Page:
Equipment repairs and maintenance for 2014 are proposed at $72,000, up from $65,400 in 2013 but down from $98,665 in 2012.

Total fire station expense was proposed at $52,400 for 2014, up from $46,841 in 2013 and $36,380 in 2012.

Firefighter recognition was proposed at $3,000, the same as in 2013 and up from $952 in 2012. A service awards dinner was proposed at $2,500, down from $4,251 in 2013 and $4,466 in 2012.

There will be an election in May 2014 for new board members, with $8,000 was budgeted for that.

The capital replacement fund showed debt service of $1.263 million, on which the annual principal payment is budgeted at $126,500, with interest budgeted at $18,500. The principal and interest for 2013 are estimated at $125,335 and $17,828 so far.

Construction expenses on Timberline’s fire stations showed zero; total in 2013 is estimated at $168,198 and in 2012 was $48,612.

Equipment total was proposed at $60,000, while 2013 estimate is $4,500. 2012 total was $52,472. Jennings said the High Country Auxiliary had purchased two thermal imaging cameras for Timberline.

Jennings said Timberline won’t buy new trucks next year, but he planned to include $4,000 for a winch system in the budget.

The Board discussed safety concerns at station 1 with slide-off from recent flooding and suggested having the insurance company look at it. They commented that the station was in the disaster zone, and federal help may be needed. They were concerned with possibly being unable to provide service in that area. Board members stated the majority of calls there are medically related.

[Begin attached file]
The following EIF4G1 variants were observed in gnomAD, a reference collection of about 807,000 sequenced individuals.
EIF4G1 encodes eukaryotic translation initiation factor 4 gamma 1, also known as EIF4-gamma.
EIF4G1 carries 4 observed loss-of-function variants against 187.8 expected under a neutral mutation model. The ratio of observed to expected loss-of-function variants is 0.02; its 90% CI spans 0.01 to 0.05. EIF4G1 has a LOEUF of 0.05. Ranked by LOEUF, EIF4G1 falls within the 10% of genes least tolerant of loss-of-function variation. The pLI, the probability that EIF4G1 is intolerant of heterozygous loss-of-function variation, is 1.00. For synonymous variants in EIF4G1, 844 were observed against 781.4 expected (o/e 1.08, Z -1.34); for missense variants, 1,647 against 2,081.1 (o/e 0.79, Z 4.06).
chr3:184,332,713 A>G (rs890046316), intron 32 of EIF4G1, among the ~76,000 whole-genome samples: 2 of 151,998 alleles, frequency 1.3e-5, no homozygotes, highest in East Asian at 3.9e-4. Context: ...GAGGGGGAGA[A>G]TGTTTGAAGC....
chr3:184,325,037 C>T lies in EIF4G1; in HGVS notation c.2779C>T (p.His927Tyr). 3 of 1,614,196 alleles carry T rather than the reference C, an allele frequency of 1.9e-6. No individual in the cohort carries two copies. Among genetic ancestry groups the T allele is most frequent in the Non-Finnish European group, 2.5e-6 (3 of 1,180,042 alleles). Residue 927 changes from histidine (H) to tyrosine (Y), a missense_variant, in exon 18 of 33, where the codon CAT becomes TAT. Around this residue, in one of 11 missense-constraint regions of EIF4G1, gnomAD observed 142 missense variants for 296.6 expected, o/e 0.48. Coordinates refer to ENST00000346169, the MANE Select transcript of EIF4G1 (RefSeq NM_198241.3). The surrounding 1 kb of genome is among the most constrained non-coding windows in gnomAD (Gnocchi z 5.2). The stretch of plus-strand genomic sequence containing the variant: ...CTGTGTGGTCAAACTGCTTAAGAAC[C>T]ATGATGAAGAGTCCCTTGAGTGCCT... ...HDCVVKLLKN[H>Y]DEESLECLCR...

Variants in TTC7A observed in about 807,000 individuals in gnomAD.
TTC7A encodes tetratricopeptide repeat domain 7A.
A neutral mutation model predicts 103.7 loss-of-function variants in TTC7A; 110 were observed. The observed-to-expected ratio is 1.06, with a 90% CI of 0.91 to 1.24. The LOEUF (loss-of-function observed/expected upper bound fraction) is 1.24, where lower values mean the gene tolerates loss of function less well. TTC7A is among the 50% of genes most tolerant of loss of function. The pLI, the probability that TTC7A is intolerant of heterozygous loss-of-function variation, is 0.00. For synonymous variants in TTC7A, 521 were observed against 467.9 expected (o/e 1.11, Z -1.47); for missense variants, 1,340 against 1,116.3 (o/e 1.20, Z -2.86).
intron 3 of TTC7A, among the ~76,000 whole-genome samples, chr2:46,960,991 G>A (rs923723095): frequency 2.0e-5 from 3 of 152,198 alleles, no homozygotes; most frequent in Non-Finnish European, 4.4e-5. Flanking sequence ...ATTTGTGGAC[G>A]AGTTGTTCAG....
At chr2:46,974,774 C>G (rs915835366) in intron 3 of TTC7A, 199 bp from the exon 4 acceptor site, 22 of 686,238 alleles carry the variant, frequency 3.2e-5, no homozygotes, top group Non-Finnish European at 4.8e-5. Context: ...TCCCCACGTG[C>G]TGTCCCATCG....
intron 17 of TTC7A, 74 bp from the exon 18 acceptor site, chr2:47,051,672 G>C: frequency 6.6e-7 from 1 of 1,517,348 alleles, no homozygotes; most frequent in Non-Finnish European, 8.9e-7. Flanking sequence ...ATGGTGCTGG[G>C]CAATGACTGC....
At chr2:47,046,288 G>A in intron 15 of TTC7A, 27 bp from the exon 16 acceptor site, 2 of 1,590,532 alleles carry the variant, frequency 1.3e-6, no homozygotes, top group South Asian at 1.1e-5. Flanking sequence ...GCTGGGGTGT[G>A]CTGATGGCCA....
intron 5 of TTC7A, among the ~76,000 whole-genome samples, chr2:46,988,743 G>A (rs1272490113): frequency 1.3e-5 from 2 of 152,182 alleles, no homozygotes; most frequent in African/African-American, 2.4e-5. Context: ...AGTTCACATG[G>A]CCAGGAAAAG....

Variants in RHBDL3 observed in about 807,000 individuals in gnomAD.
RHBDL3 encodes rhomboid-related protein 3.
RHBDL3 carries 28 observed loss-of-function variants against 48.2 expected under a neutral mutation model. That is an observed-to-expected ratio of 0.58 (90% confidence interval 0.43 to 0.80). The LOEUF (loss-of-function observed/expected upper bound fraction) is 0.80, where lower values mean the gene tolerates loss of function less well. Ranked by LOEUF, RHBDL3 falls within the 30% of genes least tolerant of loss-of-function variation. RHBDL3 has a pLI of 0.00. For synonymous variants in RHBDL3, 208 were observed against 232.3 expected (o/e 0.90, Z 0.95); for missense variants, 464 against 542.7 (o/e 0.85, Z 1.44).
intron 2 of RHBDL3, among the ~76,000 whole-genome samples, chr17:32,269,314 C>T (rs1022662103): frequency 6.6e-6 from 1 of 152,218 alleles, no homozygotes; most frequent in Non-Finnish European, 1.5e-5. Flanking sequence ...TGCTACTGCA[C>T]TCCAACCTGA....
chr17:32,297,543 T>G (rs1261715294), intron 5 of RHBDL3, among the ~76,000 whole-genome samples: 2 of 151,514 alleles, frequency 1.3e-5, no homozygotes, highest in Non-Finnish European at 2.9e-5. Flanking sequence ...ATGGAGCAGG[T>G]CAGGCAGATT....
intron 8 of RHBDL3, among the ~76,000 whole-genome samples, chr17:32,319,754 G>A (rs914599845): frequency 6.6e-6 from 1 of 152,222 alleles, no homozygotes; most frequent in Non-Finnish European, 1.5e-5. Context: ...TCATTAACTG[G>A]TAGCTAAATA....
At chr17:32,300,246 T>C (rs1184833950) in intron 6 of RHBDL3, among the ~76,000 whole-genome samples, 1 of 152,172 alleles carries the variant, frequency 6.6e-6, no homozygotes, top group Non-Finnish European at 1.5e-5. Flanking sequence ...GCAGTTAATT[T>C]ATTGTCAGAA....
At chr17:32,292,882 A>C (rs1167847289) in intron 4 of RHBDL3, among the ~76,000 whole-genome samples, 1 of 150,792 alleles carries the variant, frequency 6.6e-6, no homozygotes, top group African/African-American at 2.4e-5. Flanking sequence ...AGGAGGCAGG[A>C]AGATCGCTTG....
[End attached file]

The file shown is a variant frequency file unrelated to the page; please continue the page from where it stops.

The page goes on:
The Board examined costs for a wildland mitigation position at 16 hours a week for 18 months. This would be a jointly managed position through Timberline and Gilpin County. Timberline and the County would contribute $5,000 each toward the salary, with the Department of Natural Resources covering any remainder.

Jennings had met with the Rollinsville Homeowners Association and with Gail Watson of the Gilpin County Commissioners about station 9 at Rollinsville. He said currently there are two Connector buses there that they want to use for evacuation purposes. Presently, station 9 is used as county shops. Jennings stated that working on station 9 is the next highest priority after station 1.


With an election coming up, the Board discussed drafts of policies regarding new board members, including the issue of orientation of new members. It was agreed that an orientation packet and a prospectus should be provided to new members, including specific responsibilities.

The members also went over responsibilities of the fire chief, adding the application for grants to the enumerated duties. They focused attention on project management. “Project” was defined as an item of unique nature and fixed duration and may use resources outside of the department. The draft of the policy stated that the chief shall appoint a project manager for any major project undertaken by the Fire Protection District, and that the project manager shall solicit bids for any project estimated to cost more than $5,000. The members agreed that the winning bid would not necessarily be the lowest bid, but rather, would be based on “best value” as determined by the project manager. The fire chief is to maintain a project schedule and budget during the project.

Crawford suggested that project contracts should be based not just on dollar amounts but on the complexity of the projects. Samuelson noted that the Board is responsible to the taxpayers on dollar amounts for projects. He said, “We are elected to manage the District’s resources.”

Other policies the Board had scheduled to review included the fire chief’s fiduciary duty, financial administration by the District bookkeeper and chief, facility use for the District by outside organizations or individuals, insurance management, fee schedule, and inclusion into the Timberline FPD.